Zen & the art of album making


“What would you do, if you were to, start over?”

As I get close to finishing my fourth studio album I find myself thinking a lot about my first. I released “Wood” in 2006, I was twenty two. As I wrote in the last post, the album that I’m working on now has been recorded in a place that I have a history with. It was in this small house in the country that I made some of my first recordings; we started recording “Wood” there around 2004. My thoughts go back to that time now.  I think about who I was then and what was important to me at the that time. I wonder how much my thinking on music and life has changed in eight years. It’s not an enormous amount of time but it’s long enough.

(L>R) Cani, Barry, Peter, Paul, Gerard. Recording At the Lake House.

After starting the “Wood” recordings at the lake house with only okay results we ended up switching to a proper studio and starting from scratch. The studio was owned by my great friend and mentor Vinny Baker. Vinny was an absolutely huge influence on me  as I grew up and put me onto all sorts of great music. I sneaked into bars as a teenager to watch him and listen to him play. I watched him, mesmerized, and knew beyond doubt that this is what I wanted to do: Music. Last Summer, Vinny passed away suddenly and without any kind of warning. I still can’t believe it. He was one of the greatest people I’ve ever known. I miss him hugely. Vinny gave untold amount of time free of charge during the “Wood” sessions. He had just opened up his new studio and was happy to get time to know his equipment and the sound of the room. We were both learning at that point. On top of all that he even played guitar on a couple of tunes, including a blistering guitar solo on “Loose”. Dedicated guitar solos are something of a rarity on my records, but you’ll find a good one there.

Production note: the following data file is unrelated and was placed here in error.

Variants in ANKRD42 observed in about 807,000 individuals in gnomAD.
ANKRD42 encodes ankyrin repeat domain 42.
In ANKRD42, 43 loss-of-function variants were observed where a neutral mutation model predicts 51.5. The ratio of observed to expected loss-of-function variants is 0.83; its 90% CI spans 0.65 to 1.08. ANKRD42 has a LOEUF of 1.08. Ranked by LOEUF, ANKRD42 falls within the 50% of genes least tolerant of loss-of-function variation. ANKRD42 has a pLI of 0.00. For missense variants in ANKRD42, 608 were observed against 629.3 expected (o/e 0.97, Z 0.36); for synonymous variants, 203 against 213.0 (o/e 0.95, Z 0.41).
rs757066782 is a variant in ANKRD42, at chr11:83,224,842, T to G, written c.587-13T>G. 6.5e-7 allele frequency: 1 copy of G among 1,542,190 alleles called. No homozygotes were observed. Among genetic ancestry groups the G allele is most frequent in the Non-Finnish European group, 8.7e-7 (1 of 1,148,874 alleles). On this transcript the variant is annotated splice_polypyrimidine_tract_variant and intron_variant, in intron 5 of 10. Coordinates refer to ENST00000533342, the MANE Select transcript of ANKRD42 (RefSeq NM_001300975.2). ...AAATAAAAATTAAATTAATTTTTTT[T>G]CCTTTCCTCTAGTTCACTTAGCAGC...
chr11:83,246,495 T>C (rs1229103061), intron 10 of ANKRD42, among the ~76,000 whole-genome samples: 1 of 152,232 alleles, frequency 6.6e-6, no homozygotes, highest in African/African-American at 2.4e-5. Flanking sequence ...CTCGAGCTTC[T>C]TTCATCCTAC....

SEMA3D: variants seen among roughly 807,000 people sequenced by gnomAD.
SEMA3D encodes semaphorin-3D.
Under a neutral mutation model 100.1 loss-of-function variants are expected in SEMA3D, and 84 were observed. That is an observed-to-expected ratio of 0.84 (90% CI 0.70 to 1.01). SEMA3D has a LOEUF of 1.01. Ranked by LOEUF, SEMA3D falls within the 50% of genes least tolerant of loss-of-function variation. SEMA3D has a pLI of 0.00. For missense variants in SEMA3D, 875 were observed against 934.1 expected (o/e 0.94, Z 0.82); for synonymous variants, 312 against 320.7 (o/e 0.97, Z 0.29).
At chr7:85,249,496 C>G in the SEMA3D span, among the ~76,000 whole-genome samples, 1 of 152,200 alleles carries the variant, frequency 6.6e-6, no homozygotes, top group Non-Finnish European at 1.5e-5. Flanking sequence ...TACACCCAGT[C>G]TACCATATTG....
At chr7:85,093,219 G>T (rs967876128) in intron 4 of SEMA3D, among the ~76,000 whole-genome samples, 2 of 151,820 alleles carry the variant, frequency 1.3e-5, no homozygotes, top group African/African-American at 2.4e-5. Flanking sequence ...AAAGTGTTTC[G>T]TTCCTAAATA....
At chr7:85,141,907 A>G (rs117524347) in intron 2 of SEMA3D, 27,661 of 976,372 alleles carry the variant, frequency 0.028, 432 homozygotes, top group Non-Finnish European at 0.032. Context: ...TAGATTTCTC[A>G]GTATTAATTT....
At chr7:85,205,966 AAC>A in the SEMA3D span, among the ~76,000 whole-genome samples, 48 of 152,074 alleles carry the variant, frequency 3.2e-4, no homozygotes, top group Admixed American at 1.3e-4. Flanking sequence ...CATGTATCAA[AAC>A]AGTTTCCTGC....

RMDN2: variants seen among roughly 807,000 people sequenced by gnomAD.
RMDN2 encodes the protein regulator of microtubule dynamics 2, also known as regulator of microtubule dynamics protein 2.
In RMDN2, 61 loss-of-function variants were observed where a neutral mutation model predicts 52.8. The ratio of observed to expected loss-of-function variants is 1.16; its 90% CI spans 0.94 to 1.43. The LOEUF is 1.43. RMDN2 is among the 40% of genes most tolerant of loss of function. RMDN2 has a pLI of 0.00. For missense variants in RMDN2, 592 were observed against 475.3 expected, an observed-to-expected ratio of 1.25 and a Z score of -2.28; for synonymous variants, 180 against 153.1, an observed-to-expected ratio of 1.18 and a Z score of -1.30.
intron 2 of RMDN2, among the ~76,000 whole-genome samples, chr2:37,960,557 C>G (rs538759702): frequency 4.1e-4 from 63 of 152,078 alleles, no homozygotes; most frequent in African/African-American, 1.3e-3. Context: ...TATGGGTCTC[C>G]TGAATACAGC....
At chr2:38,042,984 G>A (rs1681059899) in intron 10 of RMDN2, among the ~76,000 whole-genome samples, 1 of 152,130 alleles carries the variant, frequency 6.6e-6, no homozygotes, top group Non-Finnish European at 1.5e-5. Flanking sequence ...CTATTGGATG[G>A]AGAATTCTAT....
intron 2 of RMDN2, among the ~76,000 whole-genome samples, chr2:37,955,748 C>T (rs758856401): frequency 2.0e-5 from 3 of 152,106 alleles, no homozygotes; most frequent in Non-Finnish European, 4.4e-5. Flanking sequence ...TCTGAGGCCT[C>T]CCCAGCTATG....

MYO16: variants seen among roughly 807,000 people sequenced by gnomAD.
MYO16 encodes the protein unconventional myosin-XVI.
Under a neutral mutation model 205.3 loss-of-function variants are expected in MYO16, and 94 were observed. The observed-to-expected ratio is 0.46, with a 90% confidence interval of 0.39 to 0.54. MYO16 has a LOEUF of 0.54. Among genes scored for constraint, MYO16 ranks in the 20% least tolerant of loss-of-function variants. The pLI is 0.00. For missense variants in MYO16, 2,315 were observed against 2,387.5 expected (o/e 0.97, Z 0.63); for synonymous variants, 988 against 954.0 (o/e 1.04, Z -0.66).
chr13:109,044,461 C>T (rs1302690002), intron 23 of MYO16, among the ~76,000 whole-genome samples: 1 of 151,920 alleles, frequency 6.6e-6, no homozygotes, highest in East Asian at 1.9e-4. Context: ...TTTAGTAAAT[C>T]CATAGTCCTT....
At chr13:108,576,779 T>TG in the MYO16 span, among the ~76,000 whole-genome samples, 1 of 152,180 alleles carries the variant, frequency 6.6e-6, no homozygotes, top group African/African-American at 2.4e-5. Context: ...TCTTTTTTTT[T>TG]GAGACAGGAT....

Discussing plectrum types with Vinny at Veebee Studios.

His son Gary, another of my closest friends provided the cover art for the album and did all the work for the booklet. The cover shot was taken in Badami in India. I fell in love with it the first time I saw it and Gary was kind enough to let me use it.

Wood cover art by Gary Baker

When I think about Vinny I can’t help but think of Cani. Wow, this post is sadder than I wanted it to be, but the mind goes where it will. Cani also passed away shockingly and suddenly at Christmas time, 2011. He played bass guitar on “Wood” and also on my second album “Sleepless Street”. He was older than me and the rest of the guys in the band but I had known him almost all my life. He grew up on the same street as my Mother and both families knew each other very well. He was a funny guy, bursting with stories, always a cheeky smile. He loved music deeply and was one hell of a musician. I think of him often.

Cani and Barry recording at the Lake House. Gerard looks on.


They were great days making that record. This was my first time putting an album into the world. These were my songs and my friends playing on them. It was an exciting time and I had big dreams. I listen back now (these things last forever) and I’m proud of what we did. There was a time when I didn’t like listening to the album, I don’t much like the sound of my voice on those recordings, but that’s okay. It’s a beginning. It’s important to begin. I don’t want to think much about how my writing has changed since then, that’s not for me to say really. It’s a process business being a musician. Bob Dylan said once “An artist has to be careful never to arrive at a place where he thinks he’s at somewhere, you must be in a constant state of becoming”. I love that. I think Glen Hansard said something along the lines of “Do your work, do it better each time and keep going”. I think these are important things to remember. I try to take them to heart.